The 1st thing I'm working on is the fretboard. Each fret is roughly measured and cut a little bit long.

The fretboard I got was already slotted but I have to put my own frets in the slots. If you are thinking about making a guitar I recommend you find an already-fretted fretboard. This is the toughest part of the entire project.

There is a slight arch in the fretboard. I am pre-bending my frets to match the arch of the fretboard. If I don't then the frets tend to seesaw back and forth as I tap in each end, rather than seating themselves properly. These frets are very thick. If I used smaller frets I don't believe it would be as big of a problem.

With a bandsaw I cut out an arch in a piece of wood to match the fretboard's arch. This is my tapping block. I drive each fret in the same way, by laying the block on the fret and driving it in with a mallet.
Each time I drive in a fret I check it closely and make sure it's driven in as tight as possible. A piece of paper should not be able to slide under it. If one fret is higher or lower than the rest it will cause the strings to buzz on undesired frets.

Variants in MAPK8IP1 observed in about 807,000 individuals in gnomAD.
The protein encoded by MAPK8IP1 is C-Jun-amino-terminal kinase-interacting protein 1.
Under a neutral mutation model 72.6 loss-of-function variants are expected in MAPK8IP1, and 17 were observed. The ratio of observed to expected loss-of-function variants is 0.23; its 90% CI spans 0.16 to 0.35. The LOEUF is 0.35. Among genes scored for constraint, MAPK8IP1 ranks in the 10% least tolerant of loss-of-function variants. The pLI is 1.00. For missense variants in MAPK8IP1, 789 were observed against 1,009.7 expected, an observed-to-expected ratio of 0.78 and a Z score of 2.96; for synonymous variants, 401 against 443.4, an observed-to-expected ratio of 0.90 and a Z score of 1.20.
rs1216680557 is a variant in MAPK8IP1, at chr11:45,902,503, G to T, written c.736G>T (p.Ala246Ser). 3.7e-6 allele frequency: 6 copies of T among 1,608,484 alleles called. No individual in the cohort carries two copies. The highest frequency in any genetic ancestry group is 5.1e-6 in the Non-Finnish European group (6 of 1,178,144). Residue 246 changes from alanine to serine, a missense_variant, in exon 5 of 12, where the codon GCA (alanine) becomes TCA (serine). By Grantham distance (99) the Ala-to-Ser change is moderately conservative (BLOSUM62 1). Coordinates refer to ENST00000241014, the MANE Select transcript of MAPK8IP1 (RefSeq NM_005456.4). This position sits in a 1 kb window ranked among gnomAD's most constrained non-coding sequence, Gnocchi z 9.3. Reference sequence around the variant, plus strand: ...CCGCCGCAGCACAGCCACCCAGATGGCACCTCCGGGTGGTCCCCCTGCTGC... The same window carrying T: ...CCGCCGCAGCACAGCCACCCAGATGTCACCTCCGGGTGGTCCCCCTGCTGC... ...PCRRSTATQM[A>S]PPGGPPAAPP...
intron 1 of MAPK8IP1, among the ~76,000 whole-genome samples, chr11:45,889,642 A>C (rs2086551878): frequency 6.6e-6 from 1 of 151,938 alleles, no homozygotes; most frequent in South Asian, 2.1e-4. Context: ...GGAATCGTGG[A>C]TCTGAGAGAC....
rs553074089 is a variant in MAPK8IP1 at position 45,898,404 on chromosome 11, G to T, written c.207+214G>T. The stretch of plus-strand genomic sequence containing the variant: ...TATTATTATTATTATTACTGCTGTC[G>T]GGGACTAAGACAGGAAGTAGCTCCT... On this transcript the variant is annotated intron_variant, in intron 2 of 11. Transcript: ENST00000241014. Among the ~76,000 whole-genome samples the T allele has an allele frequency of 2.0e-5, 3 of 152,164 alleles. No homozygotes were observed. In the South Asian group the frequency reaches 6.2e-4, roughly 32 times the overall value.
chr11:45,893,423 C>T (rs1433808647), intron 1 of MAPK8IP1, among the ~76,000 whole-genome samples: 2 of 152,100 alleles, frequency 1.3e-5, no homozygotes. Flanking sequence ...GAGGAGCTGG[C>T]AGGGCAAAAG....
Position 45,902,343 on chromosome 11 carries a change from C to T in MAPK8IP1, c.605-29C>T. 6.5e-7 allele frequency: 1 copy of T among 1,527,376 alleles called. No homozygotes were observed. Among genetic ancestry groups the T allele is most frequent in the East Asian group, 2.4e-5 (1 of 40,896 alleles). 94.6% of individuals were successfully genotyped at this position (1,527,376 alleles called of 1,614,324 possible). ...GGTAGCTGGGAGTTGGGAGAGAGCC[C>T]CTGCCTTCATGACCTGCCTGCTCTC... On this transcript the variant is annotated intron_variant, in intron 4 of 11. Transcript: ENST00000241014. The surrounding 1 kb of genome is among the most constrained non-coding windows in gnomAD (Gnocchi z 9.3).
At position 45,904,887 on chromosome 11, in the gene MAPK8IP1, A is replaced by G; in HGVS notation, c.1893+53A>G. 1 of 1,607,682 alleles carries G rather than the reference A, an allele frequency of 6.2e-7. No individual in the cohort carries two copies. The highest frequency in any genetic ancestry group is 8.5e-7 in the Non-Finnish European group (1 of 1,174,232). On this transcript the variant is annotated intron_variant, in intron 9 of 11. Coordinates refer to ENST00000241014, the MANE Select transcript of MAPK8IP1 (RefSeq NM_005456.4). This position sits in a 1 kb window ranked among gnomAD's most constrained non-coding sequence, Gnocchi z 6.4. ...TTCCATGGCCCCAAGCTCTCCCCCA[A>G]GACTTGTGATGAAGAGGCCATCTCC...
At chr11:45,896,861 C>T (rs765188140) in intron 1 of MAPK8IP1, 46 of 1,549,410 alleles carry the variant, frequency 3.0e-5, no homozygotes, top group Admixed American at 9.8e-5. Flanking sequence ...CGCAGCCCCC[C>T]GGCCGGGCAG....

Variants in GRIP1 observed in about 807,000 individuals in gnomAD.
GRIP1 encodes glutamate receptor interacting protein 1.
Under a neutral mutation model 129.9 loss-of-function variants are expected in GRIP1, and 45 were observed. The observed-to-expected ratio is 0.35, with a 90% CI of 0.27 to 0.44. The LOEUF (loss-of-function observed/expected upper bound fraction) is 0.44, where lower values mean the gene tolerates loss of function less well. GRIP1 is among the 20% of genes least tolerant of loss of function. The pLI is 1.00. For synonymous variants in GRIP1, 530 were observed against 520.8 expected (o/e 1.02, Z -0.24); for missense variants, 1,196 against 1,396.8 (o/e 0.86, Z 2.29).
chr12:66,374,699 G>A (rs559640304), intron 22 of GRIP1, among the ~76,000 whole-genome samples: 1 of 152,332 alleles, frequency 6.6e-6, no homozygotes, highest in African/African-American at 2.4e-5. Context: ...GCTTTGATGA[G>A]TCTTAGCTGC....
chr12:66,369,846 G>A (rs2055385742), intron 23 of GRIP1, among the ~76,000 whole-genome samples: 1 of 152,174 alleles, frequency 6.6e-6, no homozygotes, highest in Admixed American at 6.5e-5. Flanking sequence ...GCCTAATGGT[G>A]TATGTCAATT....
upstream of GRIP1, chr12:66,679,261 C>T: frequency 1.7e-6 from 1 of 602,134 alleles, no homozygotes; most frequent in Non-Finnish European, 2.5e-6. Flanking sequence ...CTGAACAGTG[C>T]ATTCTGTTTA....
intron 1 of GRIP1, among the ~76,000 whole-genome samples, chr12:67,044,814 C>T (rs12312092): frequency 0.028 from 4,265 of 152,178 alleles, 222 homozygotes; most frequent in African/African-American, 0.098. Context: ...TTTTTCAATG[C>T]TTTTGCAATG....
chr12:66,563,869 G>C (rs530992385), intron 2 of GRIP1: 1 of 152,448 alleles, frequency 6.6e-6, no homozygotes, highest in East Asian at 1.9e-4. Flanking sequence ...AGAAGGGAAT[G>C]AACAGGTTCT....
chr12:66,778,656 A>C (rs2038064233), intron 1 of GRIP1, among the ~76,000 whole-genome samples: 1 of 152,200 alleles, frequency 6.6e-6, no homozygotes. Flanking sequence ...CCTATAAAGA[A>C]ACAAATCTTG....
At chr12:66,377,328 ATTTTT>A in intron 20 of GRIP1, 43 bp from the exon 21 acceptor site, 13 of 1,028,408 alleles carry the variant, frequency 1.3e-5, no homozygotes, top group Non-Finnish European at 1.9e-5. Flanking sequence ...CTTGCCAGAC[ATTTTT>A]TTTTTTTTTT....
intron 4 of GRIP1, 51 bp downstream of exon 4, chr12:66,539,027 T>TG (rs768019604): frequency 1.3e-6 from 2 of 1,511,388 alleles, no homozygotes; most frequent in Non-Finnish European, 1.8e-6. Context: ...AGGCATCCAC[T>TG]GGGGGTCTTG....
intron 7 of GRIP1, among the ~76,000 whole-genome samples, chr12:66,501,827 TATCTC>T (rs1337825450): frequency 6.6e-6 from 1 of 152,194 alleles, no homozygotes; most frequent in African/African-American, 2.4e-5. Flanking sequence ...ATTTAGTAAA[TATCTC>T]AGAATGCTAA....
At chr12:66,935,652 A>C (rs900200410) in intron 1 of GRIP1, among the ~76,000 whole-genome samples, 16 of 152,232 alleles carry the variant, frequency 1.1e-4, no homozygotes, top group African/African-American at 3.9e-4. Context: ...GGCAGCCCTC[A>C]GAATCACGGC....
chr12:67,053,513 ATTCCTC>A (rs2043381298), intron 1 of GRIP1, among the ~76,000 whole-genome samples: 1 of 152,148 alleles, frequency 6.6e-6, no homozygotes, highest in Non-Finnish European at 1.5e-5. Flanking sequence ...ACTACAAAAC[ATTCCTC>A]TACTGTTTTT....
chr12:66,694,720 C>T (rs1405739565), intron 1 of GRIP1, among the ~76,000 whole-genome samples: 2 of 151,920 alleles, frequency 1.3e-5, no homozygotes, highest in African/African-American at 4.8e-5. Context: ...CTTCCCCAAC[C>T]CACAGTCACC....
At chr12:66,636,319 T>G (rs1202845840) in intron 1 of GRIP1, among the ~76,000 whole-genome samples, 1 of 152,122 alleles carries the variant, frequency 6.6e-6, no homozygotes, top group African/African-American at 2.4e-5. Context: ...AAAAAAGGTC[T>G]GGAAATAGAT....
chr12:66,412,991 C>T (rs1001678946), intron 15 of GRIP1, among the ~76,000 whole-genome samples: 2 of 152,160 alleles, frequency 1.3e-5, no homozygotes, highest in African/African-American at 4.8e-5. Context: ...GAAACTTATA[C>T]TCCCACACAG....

To fix that problem the frets must be filled level and then the newly flattened fret tops must be re-rounded, if that makes any sense. In other words, it's best to just get them right the first time. I went over them 3 or 4 times after I thought I was finished, and kept finding new spots when they could be driven in more.

DAGNABIT! This was not expected. The frets were so fat they bowed the fretboard by wedging it a smidgen at a time over the length of the fretboard. I don't believe it's gonna be a problem because it flexes right back flat again with very little effort. Once it's glued down onto the neck it should be fine.

Friday, May 7, 2010

Thursday, May 6, 2010


This is another version of the last post, which proves math is hard. I can't figure out how to type the line over the 9 to make "POINT NINE REPEATING" so I will write it like this: .999999.....

(If I start with this)

X = .99999....
(And then I multiply each side by 10)

10X = 9.99999....
(Since X = .999999... that's how much I will subtract from each side to reduce)

9X = 9
(Now I divide each side by 9 to reduce again)

X = 1

But earlier X = .9999....

So does this prove
1 = .999999......?